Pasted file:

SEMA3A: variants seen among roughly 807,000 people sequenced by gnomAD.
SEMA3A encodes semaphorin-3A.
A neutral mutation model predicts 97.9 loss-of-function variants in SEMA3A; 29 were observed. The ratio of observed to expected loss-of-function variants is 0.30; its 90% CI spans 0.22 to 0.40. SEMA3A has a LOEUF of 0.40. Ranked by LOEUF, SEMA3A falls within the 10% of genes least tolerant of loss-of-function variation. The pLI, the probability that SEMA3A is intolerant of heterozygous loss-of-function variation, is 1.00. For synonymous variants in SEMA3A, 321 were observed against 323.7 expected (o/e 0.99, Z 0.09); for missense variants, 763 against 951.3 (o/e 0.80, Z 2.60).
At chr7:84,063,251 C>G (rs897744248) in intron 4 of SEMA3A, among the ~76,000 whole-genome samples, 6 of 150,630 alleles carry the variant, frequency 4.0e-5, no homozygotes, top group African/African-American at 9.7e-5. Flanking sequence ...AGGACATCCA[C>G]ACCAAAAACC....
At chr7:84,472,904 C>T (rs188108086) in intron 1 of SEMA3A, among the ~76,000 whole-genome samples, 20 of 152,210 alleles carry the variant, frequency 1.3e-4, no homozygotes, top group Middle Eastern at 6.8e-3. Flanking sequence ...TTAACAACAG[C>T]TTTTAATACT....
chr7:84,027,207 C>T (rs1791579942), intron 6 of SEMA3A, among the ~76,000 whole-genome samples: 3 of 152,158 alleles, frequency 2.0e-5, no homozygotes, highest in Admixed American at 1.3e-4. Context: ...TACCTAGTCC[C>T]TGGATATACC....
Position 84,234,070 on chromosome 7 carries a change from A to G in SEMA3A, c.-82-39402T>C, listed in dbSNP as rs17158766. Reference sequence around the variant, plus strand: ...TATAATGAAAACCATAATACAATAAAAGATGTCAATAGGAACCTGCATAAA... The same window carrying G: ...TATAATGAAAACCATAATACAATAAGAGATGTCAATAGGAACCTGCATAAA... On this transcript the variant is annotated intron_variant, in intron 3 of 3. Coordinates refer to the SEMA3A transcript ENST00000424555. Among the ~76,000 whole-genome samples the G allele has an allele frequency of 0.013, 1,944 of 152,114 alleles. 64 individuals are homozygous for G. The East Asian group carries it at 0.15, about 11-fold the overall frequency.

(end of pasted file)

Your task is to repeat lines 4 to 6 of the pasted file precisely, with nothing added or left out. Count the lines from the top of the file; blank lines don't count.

At chr7:84,063,251 C>G (rs897744248) in intron 4 of SEMA3A, among the ~76,000 whole-genome samples, 6 of 150,630 alleles carry the variant, frequency 4.0e-5, no homozygotes, top group African/African-American at 9.7e-5. Flanking sequence ...AGGACATCCA[C>G]ACCAAAAACC....
At chr7:84,472,904 C>T (rs188108086) in intron 1 of SEMA3A, among the ~76,000 whole-genome samples, 20 of 152,210 alleles carry the variant, frequency 1.3e-4, no homozygotes, top group Middle Eastern at 6.8e-3. Flanking sequence ...TTAACAACAG[C>T]TTTTAATACT....
chr7:84,027,207 C>T (rs1791579942), intron 6 of SEMA3A, among the ~76,000 whole-genome samples: 3 of 152,158 alleles, frequency 2.0e-5, no homozygotes, highest in Admixed American at 1.3e-4. Context: ...TACCTAGTCC[C>T]TGGATATACC....